After a period of unregulated growth from the 1960s to the late 1980s, public Mexican higher education came to be perceived as a "disaster zone" by the federal government. Starting at that point, several public policies seeking to improve its quality, social pertinence, efficiency and equity have implemented. While impacting positively Mexican higher education in many respects, such policies have had unintended negative effects and, it is contended, they are currently having diminishing gains. This paper identifies six topics that the next generation of public policies should consider if public Mexican higher education is to evolve into a stage in which its current shortcomings are diminished and its social pertinence improved: the evaluation of public policies, the increasing complexity of the system, its coordination, its openness, the role of financial resources and, finally, the academic profession.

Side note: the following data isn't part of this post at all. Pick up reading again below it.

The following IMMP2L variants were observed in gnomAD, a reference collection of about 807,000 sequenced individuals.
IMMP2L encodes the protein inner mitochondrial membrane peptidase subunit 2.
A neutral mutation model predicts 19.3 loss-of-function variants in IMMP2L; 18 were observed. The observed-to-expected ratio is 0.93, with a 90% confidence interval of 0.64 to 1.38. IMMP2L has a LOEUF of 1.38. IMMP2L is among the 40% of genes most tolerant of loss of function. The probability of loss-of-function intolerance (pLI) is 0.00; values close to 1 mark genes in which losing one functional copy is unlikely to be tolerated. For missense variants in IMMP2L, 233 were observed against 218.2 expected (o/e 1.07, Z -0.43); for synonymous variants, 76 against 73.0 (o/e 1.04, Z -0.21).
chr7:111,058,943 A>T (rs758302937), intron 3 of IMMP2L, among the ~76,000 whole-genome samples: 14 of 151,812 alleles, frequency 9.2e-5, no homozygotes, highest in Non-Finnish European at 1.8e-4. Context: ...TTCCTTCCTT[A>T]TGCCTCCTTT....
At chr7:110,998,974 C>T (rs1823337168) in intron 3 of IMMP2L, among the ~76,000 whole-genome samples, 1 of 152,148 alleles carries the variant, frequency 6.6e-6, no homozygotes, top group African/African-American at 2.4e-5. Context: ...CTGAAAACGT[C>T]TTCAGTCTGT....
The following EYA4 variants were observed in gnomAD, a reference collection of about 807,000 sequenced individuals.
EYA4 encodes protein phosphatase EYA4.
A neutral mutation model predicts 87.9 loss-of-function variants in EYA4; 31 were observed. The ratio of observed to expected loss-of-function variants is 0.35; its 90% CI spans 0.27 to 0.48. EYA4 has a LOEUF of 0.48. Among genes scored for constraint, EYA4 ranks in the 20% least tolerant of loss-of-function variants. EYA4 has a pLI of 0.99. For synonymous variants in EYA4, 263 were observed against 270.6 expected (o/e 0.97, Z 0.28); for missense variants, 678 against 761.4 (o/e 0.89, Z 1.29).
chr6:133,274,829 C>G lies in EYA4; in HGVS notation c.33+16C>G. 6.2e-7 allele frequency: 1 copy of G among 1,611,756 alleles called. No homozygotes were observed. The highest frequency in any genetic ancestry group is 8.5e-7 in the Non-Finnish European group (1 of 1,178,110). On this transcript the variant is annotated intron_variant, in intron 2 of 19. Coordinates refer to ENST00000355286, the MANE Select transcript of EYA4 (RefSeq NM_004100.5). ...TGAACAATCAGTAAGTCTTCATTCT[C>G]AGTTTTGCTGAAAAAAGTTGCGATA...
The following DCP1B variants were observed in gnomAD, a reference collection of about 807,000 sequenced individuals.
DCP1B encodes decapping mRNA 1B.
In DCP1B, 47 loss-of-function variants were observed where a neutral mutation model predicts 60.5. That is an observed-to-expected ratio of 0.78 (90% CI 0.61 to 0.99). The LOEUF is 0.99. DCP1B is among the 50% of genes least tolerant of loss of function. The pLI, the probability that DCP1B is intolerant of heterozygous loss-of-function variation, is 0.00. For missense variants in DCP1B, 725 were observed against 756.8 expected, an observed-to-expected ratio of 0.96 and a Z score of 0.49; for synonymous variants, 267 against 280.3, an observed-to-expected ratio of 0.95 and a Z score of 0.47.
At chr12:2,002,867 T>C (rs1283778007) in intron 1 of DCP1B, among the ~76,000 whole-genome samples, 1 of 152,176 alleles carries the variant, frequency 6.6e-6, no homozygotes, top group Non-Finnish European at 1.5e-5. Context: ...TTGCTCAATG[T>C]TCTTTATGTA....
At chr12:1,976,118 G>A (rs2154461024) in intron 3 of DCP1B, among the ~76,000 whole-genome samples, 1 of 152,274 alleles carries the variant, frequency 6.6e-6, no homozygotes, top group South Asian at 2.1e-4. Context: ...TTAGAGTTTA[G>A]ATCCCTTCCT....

- Mexican higher education,
- Public policies,
- System-wide change.
Available at: http://works.bepress.com/galazfontes/18/